Alzheimer's disease (AD) has several well-characterized post-mortem pathological markers that include both gliosis and dystrophic neurites surrounding extracellular amyloid plaques. In addition, intracellular tangles of hyper-phosphorylated tau and massive neurodegeneration are seen later in the disease process. Mutated forms of both amyloid precursor protein (APP) and presenilin 1 (PS1) lead to an increased rate of amyloid deposition and therefore an earlier onset of the dementia associated with AD . Doubly transgenic mice expressing these human mutants of the APP  and PS1  genes (APP+PS1 mice;  exhibit a large amount of amyloid deposition and gliosis without the formation of tangles or neuron loss, and yet they still develop anterograde amnesia as they age, similar to what is seen in the early stages of AD . Memory deficits without the loss of neurons indicate that amyloid-associated disruption of some step in neural processing can result in memory deficits.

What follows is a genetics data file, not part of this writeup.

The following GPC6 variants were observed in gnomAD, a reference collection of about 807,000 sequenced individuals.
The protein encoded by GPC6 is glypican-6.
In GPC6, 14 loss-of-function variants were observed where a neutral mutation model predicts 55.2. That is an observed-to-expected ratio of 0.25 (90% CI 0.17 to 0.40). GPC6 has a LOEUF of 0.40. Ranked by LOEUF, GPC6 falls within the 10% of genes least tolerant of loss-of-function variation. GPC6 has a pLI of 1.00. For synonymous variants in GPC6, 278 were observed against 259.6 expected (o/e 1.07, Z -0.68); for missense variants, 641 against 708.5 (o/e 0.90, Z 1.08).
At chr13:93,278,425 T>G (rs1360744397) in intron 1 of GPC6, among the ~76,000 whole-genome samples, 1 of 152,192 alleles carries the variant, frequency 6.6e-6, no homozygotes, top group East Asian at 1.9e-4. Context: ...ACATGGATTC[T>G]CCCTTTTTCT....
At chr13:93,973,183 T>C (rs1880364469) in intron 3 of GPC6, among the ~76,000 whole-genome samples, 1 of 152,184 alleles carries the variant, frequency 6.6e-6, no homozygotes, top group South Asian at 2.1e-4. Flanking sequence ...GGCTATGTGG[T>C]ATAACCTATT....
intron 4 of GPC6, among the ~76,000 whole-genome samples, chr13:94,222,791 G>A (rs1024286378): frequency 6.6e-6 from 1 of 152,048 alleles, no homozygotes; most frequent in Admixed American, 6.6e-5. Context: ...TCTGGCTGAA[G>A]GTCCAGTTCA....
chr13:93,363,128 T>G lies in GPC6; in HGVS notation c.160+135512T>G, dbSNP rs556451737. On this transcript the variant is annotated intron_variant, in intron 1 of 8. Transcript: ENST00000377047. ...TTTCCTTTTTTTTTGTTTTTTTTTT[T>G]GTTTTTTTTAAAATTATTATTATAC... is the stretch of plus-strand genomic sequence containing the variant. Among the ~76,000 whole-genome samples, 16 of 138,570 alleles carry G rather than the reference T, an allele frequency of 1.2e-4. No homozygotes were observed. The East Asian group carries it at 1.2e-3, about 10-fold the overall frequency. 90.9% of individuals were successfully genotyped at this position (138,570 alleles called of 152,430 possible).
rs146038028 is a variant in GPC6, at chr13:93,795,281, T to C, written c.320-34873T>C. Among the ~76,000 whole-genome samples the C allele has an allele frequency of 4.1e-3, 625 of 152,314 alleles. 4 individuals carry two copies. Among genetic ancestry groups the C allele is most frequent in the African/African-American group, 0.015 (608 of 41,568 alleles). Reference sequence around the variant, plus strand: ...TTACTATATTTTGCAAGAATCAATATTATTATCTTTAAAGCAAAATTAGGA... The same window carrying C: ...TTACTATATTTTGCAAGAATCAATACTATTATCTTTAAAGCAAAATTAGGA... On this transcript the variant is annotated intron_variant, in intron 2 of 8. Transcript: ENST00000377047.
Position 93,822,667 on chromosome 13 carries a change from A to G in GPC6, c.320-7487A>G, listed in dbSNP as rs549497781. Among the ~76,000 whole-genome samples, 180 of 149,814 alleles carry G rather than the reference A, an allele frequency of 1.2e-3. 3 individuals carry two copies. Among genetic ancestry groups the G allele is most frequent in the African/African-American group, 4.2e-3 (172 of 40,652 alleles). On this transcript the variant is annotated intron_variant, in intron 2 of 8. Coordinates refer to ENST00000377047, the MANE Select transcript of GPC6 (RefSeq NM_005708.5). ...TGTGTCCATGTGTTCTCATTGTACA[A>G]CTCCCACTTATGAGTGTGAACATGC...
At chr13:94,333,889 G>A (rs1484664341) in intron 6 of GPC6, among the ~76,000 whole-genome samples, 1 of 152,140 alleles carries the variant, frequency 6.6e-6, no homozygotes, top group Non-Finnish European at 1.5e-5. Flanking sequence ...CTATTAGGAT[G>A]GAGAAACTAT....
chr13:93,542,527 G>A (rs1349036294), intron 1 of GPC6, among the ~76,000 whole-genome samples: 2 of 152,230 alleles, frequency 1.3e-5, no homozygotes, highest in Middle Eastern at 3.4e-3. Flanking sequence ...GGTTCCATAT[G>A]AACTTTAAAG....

Previously we have described decreased expression of genes critical for learning and memory and impaired induction of several immediate early genes (IEGs) in aged, memory deficient APP+PS1 mice [6, 7]. Increased neural activity during learning is argued to be a primary inducing stimulus for these IEGs . One possible mechanism to describe this phenomenon would be that amyloid is diminishing the ability of neurons to facilitate sufficient electrical signaling to induce changes in synaptic plasticity essential for memory consolidation. Here we present evidence that in addition to decreased expression of Na+/K+ ATPase mRNA as previously described [6, 7], the activity of this enzyme is significantly decreased in the APP+PS1 hippocampus but not in the amyloid-free cerebellum. Perhaps not surprisingly ouabain, an Na+/K+ ATPase inhibitor, has been shown to impair memory consolidation [9, 10]. We decided to investigate further the interactions of Aβ and Na+/K+ ATPase activity to understand better the potential role of this enzyme in AD and memory dysfunction.